New grant project explores Canadian fiduciary relationships
Professor Erika Chamberlain has been awarded a Western Strategic Support for SSHRC Success Bridge grant for her project "Canada's Unique Conception of Fiduciary Relationships". Only 9 out of 17 projects were chosen for funding in this competition.
Fiduciary relationships are those that require one party to act with utmost loyalty and good faith toward another.
Chamberlain’s project will analyze Canada's unique approach to recognizing fiduciary relationships, and assess whether it can be explained on the basis of social, policy or other considerations that distinguish Canada from other Commonwealth jurisdictions.
“In most Commonwealth jurisdictions, fiduciary relationships are limited to the protection of economic or property interests,” says Chamberlain.
“However, the Canadian courts have taken a more expansive approach, and have recognized fiduciary relationships that protect psychological and sexual integrity, privacy, and minority rights.”
The Canadian courts have also imposed fiduciary obligations on the Crown, both in the special situation of Aboriginal peoples and with respect to other "vulnerable" groups (eg disabled veterans and minority language groups).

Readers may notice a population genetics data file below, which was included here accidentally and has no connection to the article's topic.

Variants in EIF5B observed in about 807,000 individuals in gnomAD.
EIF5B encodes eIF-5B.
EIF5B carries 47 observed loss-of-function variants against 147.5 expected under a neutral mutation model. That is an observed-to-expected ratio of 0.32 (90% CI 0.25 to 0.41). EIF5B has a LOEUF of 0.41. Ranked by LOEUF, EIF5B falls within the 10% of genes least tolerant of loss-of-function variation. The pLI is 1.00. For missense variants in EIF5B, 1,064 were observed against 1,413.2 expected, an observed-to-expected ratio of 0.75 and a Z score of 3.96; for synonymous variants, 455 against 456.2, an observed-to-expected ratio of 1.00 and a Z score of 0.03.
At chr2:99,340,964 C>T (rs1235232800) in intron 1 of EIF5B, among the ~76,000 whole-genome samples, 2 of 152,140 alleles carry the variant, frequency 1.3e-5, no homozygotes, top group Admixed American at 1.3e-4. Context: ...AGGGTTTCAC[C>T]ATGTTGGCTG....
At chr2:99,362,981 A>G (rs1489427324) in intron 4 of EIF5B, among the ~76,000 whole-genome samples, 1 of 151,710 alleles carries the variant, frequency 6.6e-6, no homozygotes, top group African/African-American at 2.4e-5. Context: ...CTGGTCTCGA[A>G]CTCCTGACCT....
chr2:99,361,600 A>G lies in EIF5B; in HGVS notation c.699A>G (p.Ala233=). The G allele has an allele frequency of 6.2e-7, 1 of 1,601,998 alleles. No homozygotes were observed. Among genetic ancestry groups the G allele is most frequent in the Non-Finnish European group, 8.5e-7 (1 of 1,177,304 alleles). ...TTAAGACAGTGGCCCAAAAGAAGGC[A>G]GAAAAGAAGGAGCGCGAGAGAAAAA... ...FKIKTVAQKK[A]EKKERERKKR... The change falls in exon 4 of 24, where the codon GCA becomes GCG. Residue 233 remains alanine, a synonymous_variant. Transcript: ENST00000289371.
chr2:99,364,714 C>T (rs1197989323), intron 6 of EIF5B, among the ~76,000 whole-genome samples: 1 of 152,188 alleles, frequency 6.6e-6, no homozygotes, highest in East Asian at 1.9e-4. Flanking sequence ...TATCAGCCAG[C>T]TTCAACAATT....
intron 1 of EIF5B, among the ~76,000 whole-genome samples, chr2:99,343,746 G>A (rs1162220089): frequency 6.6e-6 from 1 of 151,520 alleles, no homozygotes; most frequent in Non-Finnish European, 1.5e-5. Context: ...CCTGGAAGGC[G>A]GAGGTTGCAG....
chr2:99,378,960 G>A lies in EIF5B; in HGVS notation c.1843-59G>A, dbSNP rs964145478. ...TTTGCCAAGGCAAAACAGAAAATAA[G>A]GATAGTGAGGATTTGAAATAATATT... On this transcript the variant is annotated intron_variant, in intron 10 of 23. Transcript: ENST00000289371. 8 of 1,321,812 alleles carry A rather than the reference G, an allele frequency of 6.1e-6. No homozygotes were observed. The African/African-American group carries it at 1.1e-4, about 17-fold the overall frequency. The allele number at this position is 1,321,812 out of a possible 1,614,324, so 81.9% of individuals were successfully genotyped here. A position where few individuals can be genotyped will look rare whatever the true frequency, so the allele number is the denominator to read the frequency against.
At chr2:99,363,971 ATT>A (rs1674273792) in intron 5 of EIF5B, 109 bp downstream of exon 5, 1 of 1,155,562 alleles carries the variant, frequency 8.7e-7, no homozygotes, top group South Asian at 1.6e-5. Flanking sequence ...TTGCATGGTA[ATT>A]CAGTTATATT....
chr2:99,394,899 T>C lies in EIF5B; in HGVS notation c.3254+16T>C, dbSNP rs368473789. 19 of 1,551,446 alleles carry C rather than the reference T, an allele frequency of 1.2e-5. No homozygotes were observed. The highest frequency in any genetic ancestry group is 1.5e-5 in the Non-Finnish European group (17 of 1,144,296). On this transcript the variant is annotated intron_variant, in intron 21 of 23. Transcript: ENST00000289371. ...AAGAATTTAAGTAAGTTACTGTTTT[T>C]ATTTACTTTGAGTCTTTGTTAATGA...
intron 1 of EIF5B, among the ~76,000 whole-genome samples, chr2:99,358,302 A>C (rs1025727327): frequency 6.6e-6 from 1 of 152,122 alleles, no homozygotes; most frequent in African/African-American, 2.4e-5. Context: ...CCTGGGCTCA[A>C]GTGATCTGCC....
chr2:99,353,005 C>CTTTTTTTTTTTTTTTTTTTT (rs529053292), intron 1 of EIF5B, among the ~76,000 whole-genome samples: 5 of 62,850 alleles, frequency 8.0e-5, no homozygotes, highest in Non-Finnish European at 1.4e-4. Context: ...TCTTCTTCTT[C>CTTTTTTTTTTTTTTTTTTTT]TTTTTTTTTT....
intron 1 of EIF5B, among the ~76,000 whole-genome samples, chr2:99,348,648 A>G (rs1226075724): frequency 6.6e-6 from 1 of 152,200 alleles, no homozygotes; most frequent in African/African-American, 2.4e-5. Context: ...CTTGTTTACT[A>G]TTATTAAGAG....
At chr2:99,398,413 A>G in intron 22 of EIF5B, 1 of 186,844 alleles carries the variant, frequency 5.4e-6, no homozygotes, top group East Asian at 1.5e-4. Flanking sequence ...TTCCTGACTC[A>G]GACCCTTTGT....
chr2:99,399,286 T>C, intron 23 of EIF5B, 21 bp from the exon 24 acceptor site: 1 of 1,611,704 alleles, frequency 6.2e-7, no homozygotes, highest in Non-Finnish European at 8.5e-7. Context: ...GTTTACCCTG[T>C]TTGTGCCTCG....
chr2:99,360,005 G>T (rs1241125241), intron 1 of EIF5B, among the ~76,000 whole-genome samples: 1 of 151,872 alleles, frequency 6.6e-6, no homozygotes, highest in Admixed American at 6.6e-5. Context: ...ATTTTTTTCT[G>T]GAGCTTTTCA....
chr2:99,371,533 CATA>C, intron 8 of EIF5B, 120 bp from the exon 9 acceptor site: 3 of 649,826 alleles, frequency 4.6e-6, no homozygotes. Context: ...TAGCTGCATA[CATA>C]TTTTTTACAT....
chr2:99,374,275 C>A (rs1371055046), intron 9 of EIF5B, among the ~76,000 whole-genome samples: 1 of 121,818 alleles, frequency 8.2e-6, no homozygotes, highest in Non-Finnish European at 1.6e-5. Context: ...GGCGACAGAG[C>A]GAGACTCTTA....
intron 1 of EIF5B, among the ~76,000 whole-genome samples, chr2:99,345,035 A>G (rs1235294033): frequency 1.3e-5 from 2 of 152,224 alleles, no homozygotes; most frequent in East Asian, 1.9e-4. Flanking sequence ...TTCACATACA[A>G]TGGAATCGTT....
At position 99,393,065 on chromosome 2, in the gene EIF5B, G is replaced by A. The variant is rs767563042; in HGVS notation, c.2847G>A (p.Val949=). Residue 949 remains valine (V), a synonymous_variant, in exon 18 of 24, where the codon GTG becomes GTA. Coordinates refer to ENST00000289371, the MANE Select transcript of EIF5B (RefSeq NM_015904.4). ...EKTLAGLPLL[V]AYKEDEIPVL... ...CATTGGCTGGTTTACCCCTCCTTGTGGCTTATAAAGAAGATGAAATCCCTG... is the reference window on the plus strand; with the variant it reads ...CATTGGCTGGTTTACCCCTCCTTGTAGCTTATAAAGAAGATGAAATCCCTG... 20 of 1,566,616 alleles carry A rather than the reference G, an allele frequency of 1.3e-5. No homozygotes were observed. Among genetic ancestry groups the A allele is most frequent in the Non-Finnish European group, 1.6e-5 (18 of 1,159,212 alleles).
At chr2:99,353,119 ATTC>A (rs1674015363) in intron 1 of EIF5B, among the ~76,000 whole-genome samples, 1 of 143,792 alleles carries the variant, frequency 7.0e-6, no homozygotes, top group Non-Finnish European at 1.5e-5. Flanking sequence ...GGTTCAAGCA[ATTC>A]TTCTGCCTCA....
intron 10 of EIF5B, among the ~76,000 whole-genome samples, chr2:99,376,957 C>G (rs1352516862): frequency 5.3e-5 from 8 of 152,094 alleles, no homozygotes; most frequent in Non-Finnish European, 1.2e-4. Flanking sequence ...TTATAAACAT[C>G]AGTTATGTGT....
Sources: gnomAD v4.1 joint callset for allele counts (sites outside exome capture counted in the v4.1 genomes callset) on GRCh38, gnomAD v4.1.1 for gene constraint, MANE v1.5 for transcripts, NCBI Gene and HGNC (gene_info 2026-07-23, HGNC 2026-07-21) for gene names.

Chamberlain’s proposed research will explore whether the Charter of Rights and Freedoms or other constitutional principles have influenced the Canadian courts' decisions to recognize unconventional fiduciary relationships in order to promote certain social goals.
“The long-term objective of my research is to develop an overarching theory that explains the recognition of new fiduciary relationships in Canada in terms of the underlying values that such relationships are meant to uphold,” Chamberlain says.
As part of this project, Chamberlain presented "Revisiting Canada's Approach to Fiduciary Relationships" at the Seventh Biennial Conference on the Law of Obligations at Hong Kong University in July 2014. This paper was selected for inclusion in the conference volume, to be published by Bloomsbury in 2015.